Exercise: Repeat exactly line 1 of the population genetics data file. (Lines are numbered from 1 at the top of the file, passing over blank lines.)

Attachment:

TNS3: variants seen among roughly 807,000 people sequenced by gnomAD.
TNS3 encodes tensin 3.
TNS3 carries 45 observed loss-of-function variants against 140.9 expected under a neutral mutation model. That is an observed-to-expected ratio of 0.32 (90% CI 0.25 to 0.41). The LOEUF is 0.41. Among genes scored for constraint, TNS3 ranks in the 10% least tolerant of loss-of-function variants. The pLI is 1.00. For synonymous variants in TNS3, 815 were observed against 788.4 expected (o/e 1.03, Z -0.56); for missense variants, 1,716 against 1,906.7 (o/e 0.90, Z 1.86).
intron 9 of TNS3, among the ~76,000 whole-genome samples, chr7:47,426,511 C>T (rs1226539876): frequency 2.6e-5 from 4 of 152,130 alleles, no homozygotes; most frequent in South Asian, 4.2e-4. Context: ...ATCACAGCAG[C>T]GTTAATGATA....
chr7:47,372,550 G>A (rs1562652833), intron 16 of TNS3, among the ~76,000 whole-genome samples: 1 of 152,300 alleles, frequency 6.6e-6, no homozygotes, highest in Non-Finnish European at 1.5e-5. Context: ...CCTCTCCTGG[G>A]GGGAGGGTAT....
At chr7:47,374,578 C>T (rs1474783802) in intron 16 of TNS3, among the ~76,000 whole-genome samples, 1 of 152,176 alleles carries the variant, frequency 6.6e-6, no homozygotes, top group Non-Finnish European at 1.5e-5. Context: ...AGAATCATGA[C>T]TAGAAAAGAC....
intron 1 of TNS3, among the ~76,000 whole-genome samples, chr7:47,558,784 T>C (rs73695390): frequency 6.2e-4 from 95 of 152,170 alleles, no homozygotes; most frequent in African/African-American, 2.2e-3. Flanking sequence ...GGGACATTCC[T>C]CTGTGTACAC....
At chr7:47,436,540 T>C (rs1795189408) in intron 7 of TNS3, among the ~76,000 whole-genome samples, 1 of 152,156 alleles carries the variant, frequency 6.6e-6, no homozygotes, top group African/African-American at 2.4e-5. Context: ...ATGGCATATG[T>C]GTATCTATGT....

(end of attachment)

TNS3: variants seen among roughly 807,000 people sequenced by gnomAD.